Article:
It's demoralizing to watch Canada behave like an evil, twisted Robin Hood -- taking from poor countries' meagre supply of vaccines and injecting them into the (comparatively rich) arms of Canadians.
Attempting to justify this ugly behaviour, Prime Minister Justin Trudeau points out that Canada has contributed to COVAX, the international agency established to help poor countries access the vaccine.
Still, Ottawa's decision to dip into COVAX's vaccine supply -- the only rich country to do so -- amounts to what former Canadian UN ambassador Stephen Lewis calls "a violation of the needs of the developing world."
The words don't exactly scream "Canada is back!"
The precariousness of the global vaccine supply points to how deeply immoral it is that the pharmaceutical industry has such sweeping life-and-death power, even in the midst of a catastrophic pandemic.
It also highlights Trudeau's desperation to come up with a domestic vaccine producer now that he's learned, in a crisis, friendly nations don't have our interests top of mind; they vaccinate their own first.
Finding a domestic producer has turned out be difficult largely because Canadian governments in recent decades have bought into the corporate credo that discounts the importance of domestic ownership and production.
Accordingly, the Mulroney government merrily sold off Connaught Labs, Canada's publicly owned biotech company that was one of the world's leading vaccine producers -- a privatization pleasing to pharma companies that had never liked competing with Connaught.
Connaught's old Toronto plant still operates today and its current owner, French pharma giant Sanofi Pasteur, has a contract with Ottawa for 72 million coronavirus vaccines.
However, the company plans to produce these vaccines primarily at its U.S. and European plants, putting Canada at a "disadvantage," acknowledged Trudeau. He went on to say Sanofi would likely deliver vaccines first to the countries where they're produced but "shortly afterwards" would start honouring contracts "they signed with other countries, including Canada."
So while the privatized Connaught plant remains operational, Canada no longer controls what goes on there -- which turns out to matter in a pandemic.
Connaught's fate illustrates the value of public ownership -- and the control that comes with it. In the 1950s, Ottawa's control over Connaught played a key role in the development of a vaccine against polio.
In addition to helping U.S. scientist Jonas Salk develop the vaccine, Connaught made a crucial contribution after a U.S. manufacturer botched the vaccine's production, resulting in dozens of infected children.
The entire U.S. polio vaccine program was suspended, leaving the future of the breakthrough vaccine in doubt.
But Ottawa directed Connaught to proceed with Canadian trials using the Salk vaccine, produced by Connaught. The trials were successful, restoring public faith in the vaccine around the world.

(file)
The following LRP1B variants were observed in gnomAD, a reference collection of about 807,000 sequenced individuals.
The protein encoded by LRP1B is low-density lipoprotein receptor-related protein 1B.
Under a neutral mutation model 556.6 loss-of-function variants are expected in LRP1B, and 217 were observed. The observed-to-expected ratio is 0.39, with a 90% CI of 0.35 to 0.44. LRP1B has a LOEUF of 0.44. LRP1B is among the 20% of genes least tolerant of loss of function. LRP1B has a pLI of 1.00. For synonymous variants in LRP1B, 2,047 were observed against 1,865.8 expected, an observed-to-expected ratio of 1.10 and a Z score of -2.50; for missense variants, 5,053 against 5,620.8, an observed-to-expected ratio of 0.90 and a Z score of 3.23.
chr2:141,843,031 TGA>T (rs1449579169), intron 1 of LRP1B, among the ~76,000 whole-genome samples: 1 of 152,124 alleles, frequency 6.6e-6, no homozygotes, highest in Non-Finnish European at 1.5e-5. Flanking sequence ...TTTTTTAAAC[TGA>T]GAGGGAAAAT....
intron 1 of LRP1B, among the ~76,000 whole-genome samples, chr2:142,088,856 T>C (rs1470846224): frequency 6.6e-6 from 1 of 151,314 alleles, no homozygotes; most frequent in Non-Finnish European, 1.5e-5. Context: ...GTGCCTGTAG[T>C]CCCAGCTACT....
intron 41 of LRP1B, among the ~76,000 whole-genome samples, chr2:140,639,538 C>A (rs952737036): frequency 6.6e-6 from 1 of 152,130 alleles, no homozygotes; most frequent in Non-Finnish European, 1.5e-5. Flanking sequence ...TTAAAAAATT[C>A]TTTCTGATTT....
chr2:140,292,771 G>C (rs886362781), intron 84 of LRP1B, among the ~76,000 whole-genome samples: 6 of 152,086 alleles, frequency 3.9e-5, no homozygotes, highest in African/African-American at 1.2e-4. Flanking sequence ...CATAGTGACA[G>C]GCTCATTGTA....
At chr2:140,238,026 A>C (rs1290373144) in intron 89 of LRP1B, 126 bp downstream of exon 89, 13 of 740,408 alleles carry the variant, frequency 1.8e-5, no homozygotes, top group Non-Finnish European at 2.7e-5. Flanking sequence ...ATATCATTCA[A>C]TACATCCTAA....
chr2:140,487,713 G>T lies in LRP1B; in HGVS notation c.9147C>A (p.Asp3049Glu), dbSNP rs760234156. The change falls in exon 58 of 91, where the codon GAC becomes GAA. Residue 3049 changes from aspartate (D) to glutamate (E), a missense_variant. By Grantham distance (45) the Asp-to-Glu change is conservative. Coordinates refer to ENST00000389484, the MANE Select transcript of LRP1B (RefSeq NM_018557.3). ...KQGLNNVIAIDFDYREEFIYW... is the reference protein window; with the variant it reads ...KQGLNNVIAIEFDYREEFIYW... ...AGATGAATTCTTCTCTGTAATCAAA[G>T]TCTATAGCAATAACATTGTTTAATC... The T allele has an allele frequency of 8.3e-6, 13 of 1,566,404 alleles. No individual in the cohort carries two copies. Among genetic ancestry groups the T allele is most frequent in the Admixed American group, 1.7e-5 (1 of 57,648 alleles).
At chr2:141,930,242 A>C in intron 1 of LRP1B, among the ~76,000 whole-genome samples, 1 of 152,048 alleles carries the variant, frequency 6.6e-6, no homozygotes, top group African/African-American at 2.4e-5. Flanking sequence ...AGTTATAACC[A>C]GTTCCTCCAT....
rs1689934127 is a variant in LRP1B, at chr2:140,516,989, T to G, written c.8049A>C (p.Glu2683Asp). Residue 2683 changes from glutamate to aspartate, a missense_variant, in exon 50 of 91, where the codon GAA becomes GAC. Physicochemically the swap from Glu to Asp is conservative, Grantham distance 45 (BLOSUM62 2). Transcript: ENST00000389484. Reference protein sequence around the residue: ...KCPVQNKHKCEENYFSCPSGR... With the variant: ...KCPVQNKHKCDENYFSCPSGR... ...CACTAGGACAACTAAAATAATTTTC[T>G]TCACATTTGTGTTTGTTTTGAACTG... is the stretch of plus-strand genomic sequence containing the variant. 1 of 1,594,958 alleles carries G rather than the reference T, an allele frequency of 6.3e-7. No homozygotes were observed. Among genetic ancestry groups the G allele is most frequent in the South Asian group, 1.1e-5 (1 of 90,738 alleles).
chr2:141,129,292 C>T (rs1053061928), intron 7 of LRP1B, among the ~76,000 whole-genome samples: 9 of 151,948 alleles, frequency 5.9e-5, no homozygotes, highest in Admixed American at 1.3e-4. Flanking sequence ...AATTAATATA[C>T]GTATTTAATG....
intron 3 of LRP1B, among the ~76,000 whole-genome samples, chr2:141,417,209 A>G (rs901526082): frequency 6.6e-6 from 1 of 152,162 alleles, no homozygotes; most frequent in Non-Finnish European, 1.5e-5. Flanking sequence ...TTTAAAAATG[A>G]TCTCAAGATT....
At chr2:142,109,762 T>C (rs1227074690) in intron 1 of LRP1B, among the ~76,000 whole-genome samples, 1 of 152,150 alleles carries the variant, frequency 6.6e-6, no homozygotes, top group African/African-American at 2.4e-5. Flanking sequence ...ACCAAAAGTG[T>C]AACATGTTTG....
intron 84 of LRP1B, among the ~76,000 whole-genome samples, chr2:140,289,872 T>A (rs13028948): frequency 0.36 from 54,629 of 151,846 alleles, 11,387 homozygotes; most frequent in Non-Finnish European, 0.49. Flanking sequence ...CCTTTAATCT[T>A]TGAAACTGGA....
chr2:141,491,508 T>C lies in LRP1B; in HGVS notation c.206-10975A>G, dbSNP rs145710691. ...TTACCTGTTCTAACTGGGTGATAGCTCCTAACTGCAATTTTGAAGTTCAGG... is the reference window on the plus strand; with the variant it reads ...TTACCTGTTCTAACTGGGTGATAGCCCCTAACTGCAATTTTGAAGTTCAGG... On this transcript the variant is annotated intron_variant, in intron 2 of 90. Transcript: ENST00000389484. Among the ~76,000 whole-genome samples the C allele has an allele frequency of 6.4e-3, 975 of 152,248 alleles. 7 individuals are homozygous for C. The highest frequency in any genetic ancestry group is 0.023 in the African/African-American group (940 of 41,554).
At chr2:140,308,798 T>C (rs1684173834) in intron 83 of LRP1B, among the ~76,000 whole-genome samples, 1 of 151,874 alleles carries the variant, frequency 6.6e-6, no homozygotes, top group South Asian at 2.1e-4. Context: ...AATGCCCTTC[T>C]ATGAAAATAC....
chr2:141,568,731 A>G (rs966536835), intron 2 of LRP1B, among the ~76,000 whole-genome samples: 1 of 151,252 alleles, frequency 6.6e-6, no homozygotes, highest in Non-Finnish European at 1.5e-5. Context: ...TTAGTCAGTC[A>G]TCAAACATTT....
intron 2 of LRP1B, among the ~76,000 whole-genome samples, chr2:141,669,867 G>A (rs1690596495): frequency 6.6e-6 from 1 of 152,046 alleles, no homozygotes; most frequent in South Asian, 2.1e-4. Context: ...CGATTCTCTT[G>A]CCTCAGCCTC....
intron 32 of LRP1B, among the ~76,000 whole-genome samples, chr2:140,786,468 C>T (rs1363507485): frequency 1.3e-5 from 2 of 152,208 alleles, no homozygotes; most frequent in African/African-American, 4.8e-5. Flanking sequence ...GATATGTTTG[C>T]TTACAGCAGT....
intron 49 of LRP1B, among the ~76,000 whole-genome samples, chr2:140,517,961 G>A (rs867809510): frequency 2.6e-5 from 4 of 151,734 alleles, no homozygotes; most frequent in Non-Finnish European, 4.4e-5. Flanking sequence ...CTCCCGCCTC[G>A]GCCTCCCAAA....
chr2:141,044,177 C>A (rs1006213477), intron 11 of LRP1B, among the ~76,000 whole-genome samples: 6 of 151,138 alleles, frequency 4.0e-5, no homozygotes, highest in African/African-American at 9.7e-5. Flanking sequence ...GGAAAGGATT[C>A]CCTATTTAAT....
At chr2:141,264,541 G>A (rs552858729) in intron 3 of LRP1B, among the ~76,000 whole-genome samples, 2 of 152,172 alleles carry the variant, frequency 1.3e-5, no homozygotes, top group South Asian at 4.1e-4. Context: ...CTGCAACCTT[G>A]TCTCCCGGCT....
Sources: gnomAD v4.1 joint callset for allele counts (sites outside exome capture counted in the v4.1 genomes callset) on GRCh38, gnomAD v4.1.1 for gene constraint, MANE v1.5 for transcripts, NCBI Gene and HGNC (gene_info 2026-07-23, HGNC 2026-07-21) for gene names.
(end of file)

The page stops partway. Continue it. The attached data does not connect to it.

Even without Connaught, we could be doing more to wrest control from the all-powerful pharma industry.
Ottawa could, for instance, override the patent rights of drug companies, allowing Canadian generics to produce the vaccines, according to Toronto Star columnist Thomas Walkom.
But Trudeau won't do this, apparently fearful of angering drug companies by infringing on their monopolies.
Indeed, in truly cowardly fashion, Ottawa has refused to back a resolution, put forward by dozens of poor countries, asking the World Health Organization (WTO) to waive patent rights so generics can produce the vaccines.
The WTO supports the resolution, but Canada is expected to join other rich countries in voting against it -- more evidence of our warped understanding of the Robin Hood legend.
Big Pharma has long been a Big Bully, intimidating countries around the world into granting extensive patent rights -- on the grounds drug companies need gigantic monopoly profits to fund their research.
In fact, the basic research for most drugs is funded by governments, as U.S. economist Mariana Mazzucato has shown.
Washington paid virtually the entire $2.5-billion cost of developing the Moderna vaccine. (Dolly Parton threw in $1 million -- more than the company, whose shareholders will reap the rewards.)
Allowing pharma giants to control access to vaccines during a pandemic is foolish -- if not suicidal -- especially when better solutions exist, like creating our own publicly owned pharma company or overriding patents which only serve to enrich the world's richest drug barons.
Linda McQuaig is a journalist and author of The Sport & Prey of Capitalists: How the Rich are Stealing Canada's Public Wealth. This column originally appeared in the Toronto Star.
Image credit: Premier of Ontario Photography/Flickr
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